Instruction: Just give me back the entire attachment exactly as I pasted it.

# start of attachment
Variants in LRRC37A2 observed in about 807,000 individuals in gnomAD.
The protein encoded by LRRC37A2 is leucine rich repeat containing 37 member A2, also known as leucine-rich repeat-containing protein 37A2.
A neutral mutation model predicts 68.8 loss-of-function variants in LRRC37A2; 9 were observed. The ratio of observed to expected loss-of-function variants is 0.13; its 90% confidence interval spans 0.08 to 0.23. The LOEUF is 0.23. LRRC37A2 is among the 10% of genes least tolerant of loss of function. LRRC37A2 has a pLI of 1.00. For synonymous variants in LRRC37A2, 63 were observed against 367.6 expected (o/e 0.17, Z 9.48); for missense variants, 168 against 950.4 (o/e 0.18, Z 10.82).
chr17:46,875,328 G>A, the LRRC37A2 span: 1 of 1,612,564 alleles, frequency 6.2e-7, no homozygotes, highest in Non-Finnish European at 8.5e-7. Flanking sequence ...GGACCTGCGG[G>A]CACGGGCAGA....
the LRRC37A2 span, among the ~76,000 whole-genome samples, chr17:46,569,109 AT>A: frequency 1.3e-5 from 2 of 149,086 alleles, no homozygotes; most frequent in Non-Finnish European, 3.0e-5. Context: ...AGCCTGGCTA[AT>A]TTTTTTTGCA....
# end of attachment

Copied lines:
Variants in LRRC37A2 observed in about 807,000 individuals in gnomAD.
The protein encoded by LRRC37A2 is leucine rich repeat containing 37 member A2, also known as leucine-rich repeat-containing protein 37A2.
A neutral mutation model predicts 68.8 loss-of-function variants in LRRC37A2; 9 were observed. The ratio of observed to expected loss-of-function variants is 0.13; its 90% confidence interval spans 0.08 to 0.23. The LOEUF is 0.23. LRRC37A2 is among the 10% of genes least tolerant of loss of function. LRRC37A2 has a pLI of 1.00. For synonymous variants in LRRC37A2, 63 were observed against 367.6 expected (o/e 0.17, Z 9.48); for missense variants, 168 against 950.4 (o/e 0.18, Z 10.82).
chr17:46,875,328 G>A, the LRRC37A2 span: 1 of 1,612,564 alleles, frequency 6.2e-7, no homozygotes, highest in Non-Finnish European at 8.5e-7. Flanking sequence ...GGACCTGCGG[G>A]CACGGGCAGA....
the LRRC37A2 span, among the ~76,000 whole-genome samples, chr17:46,569,109 AT>A: frequency 1.3e-5 from 2 of 149,086 alleles, no homozygotes; most frequent in Non-Finnish European, 3.0e-5. Context: ...AGCCTGGCTA[AT>A]TTTTTTTGCA....